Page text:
We encounter the problem of determining the optimum path in many applications and it is a major issue in many of the branches in computer science. We often play games which contain characters controlled by players where the character needs to find a route to the destination avoiding enemies and collecting points. A robot may need to accomplish a task of finding a route on its master command and also it could be a context where a network administrator routes the data packets in a computer network and specifically in navigation devices and applications. Path finding addresses the problem of finding a good path from source to the goal avoiding obstacles, enemies and minimizing cost factors like fuel, time, distance and money. The optimum path could be of a custom type such as shortest route, fastest route or an economical route. The Route planners have become part of everyday life in the past few years. Many types of route planners are available both online, offline and stand alone providing routing service to cars, bikers and pedestrians. Broad ranges of navigation devices are available for vehicles and many website provide routing service online. Though they are easy to be handled and used the complexity behind them is not quite simple. 1.1 Motivation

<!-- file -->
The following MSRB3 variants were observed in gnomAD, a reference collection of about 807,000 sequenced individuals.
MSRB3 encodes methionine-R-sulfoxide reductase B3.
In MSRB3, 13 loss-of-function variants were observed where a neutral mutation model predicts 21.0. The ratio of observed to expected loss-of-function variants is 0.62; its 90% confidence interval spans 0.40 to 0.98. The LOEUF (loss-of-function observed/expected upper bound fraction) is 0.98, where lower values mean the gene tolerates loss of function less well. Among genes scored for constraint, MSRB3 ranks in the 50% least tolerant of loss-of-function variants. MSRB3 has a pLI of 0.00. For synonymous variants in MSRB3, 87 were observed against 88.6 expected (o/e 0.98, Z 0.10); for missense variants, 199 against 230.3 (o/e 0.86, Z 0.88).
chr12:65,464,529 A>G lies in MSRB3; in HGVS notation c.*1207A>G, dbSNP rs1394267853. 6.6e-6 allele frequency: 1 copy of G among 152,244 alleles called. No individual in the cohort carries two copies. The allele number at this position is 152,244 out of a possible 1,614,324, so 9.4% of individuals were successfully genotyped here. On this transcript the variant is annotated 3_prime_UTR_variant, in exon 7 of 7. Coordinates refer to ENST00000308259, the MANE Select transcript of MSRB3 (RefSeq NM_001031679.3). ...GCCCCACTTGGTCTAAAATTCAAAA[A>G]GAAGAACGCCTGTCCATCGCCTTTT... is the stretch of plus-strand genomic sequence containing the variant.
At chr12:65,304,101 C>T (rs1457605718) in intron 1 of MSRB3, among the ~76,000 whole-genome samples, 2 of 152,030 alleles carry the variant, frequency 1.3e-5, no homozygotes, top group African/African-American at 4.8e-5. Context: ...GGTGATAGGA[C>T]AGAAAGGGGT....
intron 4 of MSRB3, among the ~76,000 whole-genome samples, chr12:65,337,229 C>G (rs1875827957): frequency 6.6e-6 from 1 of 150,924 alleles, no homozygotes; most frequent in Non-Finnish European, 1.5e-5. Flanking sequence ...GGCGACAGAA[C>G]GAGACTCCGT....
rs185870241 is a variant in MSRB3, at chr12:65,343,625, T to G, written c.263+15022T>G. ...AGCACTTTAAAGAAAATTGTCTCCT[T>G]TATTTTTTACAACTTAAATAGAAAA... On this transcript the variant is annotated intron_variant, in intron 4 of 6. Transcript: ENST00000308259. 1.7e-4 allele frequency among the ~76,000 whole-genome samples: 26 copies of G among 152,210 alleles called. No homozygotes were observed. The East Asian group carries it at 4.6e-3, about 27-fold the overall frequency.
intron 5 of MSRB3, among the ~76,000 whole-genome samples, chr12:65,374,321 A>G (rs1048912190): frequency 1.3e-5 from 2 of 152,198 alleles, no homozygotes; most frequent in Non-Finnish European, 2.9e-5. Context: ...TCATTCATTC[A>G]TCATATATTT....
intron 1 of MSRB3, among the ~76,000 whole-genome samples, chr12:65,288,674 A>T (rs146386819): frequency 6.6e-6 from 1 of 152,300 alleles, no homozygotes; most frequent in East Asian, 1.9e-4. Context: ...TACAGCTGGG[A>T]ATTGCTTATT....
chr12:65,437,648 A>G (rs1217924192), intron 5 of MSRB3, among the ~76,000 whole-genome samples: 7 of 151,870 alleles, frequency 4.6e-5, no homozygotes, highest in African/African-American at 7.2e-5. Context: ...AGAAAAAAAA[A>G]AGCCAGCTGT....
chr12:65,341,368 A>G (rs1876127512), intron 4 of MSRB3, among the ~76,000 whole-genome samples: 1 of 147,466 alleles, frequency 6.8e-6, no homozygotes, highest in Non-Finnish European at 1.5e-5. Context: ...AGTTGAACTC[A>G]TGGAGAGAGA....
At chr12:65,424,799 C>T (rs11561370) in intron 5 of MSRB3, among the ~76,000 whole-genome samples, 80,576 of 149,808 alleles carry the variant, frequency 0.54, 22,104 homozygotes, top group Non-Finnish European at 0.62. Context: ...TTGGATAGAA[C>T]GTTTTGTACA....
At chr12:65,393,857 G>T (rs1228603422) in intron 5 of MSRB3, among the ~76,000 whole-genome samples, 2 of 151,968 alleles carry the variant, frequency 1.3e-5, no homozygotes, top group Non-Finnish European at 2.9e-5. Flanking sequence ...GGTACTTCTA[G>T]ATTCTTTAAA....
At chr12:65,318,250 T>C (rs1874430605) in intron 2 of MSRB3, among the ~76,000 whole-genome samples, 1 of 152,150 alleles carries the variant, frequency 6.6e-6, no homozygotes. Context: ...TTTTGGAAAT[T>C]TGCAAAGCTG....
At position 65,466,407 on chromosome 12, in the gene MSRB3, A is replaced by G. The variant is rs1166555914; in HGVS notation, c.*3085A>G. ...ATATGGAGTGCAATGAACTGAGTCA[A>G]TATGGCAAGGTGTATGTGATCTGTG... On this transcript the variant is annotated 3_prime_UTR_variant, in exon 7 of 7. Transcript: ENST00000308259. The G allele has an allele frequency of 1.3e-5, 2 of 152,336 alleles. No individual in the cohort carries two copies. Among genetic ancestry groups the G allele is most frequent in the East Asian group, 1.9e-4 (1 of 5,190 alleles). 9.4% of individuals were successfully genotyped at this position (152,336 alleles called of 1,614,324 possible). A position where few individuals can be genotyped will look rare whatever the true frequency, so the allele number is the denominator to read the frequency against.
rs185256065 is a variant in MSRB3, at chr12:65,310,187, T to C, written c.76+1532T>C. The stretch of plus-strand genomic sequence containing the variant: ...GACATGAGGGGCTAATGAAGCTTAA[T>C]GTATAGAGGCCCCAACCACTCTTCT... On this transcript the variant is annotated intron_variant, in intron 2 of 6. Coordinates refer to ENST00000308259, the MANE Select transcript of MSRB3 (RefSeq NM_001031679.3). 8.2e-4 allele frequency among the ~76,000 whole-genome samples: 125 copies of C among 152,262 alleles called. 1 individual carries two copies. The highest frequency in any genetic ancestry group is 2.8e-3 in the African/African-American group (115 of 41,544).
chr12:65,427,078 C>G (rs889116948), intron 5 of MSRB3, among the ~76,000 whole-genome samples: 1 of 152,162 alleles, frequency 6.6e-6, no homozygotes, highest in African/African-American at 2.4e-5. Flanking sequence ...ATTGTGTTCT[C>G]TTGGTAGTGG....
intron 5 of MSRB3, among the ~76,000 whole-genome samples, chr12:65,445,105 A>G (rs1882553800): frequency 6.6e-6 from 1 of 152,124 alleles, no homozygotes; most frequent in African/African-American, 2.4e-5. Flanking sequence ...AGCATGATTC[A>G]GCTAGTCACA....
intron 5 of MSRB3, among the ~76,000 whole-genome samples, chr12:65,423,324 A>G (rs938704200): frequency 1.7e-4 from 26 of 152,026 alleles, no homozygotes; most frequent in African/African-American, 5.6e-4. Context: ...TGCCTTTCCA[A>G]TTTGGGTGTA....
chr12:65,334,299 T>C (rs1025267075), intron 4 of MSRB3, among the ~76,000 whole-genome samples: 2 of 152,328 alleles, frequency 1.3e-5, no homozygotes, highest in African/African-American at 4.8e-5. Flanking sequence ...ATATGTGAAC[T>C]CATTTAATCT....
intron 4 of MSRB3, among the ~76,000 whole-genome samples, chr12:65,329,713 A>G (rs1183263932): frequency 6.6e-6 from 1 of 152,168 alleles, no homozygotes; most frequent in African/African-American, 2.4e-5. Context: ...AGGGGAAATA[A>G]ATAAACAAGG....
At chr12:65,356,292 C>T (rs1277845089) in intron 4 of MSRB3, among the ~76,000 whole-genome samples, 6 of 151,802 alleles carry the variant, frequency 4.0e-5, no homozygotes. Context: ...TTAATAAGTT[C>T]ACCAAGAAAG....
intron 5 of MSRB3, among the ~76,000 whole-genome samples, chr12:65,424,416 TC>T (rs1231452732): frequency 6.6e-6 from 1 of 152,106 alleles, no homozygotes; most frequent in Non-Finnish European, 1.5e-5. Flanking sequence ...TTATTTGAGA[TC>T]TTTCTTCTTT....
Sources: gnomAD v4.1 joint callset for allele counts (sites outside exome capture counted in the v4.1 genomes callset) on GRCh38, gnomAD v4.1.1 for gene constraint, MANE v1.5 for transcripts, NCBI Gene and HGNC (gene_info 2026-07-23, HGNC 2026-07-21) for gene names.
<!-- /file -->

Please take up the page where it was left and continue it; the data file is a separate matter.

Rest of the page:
The Planning of optimum route on a road network can be traced back to thousands of years. People willing to travel long distances normally rely on geographical maps and have to spot the start location and destinations and needs to consider all possible routes towards the destination to pick the least expensive route. Thanks to the advancement of technology, car navigation systems are introduced which can plan the route between any set of source and destinations. The user is expected to enter the destination point. Information on all possible destinations is stored on database. It uses this information to calculate route and present it to the user. The digital map stored in the database contains information about all countries, states, cities and road connecting them. These constitute of millions of nodes and edges pointing geographical locations and ways connecting them. There should be some pre-processing even before the actual routing to cut short the number of nodes and edges considered to plan route. 1